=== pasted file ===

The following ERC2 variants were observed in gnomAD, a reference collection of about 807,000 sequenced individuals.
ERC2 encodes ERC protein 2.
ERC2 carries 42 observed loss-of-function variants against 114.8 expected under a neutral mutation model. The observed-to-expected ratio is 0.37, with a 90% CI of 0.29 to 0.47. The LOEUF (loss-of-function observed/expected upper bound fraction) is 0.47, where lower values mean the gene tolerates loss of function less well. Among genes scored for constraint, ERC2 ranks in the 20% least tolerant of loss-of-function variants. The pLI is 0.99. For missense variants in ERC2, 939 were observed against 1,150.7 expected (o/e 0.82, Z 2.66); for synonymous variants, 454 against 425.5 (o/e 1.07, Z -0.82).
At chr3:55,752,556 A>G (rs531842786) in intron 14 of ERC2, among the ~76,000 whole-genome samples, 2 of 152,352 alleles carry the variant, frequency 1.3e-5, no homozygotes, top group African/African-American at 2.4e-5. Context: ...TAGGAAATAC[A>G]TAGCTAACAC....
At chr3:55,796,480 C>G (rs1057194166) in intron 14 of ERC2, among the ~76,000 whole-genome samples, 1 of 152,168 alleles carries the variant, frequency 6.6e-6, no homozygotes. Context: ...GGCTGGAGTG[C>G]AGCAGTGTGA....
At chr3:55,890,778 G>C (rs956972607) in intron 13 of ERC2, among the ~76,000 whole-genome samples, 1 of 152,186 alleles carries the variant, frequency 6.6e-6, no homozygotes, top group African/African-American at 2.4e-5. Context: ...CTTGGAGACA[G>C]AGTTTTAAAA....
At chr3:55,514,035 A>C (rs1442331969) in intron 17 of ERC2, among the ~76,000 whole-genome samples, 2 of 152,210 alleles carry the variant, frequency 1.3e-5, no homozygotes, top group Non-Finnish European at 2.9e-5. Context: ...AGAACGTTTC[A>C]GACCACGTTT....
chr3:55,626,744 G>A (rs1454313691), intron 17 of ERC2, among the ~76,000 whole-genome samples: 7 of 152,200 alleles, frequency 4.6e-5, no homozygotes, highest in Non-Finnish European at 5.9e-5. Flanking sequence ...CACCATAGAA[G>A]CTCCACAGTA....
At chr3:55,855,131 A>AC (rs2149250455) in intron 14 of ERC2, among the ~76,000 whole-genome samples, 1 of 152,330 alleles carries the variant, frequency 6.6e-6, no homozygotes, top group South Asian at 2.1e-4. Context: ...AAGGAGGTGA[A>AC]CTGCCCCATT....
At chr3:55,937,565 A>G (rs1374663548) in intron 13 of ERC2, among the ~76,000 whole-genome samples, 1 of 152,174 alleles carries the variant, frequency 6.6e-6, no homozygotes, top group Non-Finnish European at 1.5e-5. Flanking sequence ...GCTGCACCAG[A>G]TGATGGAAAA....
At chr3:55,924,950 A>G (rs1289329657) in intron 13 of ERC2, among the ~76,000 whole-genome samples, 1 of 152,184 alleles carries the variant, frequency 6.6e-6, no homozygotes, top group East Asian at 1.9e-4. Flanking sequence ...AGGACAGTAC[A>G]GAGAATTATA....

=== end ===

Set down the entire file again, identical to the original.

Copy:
The following ERC2 variants were observed in gnomAD, a reference collection of about 807,000 sequenced individuals.
ERC2 encodes ERC protein 2.
ERC2 carries 42 observed loss-of-function variants against 114.8 expected under a neutral mutation model. The observed-to-expected ratio is 0.37, with a 90% CI of 0.29 to 0.47. The LOEUF (loss-of-function observed/expected upper bound fraction) is 0.47, where lower values mean the gene tolerates loss of function less well. Among genes scored for constraint, ERC2 ranks in the 20% least tolerant of loss-of-function variants. The pLI is 0.99. For missense variants in ERC2, 939 were observed against 1,150.7 expected (o/e 0.82, Z 2.66); for synonymous variants, 454 against 425.5 (o/e 1.07, Z -0.82).
At chr3:55,752,556 A>G (rs531842786) in intron 14 of ERC2, among the ~76,000 whole-genome samples, 2 of 152,352 alleles carry the variant, frequency 1.3e-5, no homozygotes, top group African/African-American at 2.4e-5. Context: ...TAGGAAATAC[A>G]TAGCTAACAC....
At chr3:55,796,480 C>G (rs1057194166) in intron 14 of ERC2, among the ~76,000 whole-genome samples, 1 of 152,168 alleles carries the variant, frequency 6.6e-6, no homozygotes. Context: ...GGCTGGAGTG[C>G]AGCAGTGTGA....
At chr3:55,890,778 G>C (rs956972607) in intron 13 of ERC2, among the ~76,000 whole-genome samples, 1 of 152,186 alleles carries the variant, frequency 6.6e-6, no homozygotes, top group African/African-American at 2.4e-5. Context: ...CTTGGAGACA[G>C]AGTTTTAAAA....
At chr3:55,514,035 A>C (rs1442331969) in intron 17 of ERC2, among the ~76,000 whole-genome samples, 2 of 152,210 alleles carry the variant, frequency 1.3e-5, no homozygotes, top group Non-Finnish European at 2.9e-5. Context: ...AGAACGTTTC[A>C]GACCACGTTT....
chr3:55,626,744 G>A (rs1454313691), intron 17 of ERC2, among the ~76,000 whole-genome samples: 7 of 152,200 alleles, frequency 4.6e-5, no homozygotes, highest in Non-Finnish European at 5.9e-5. Flanking sequence ...CACCATAGAA[G>A]CTCCACAGTA....
At chr3:55,855,131 A>AC (rs2149250455) in intron 14 of ERC2, among the ~76,000 whole-genome samples, 1 of 152,330 alleles carries the variant, frequency 6.6e-6, no homozygotes, top group South Asian at 2.1e-4. Context: ...AAGGAGGTGA[A>AC]CTGCCCCATT....
At chr3:55,937,565 A>G (rs1374663548) in intron 13 of ERC2, among the ~76,000 whole-genome samples, 1 of 152,174 alleles carries the variant, frequency 6.6e-6, no homozygotes, top group Non-Finnish European at 1.5e-5. Flanking sequence ...GCTGCACCAG[A>G]TGATGGAAAA....
At chr3:55,924,950 A>G (rs1289329657) in intron 13 of ERC2, among the ~76,000 whole-genome samples, 1 of 152,184 alleles carries the variant, frequency 6.6e-6, no homozygotes, top group East Asian at 1.9e-4. Flanking sequence ...AGGACAGTAC[A>G]GAGAATTATA....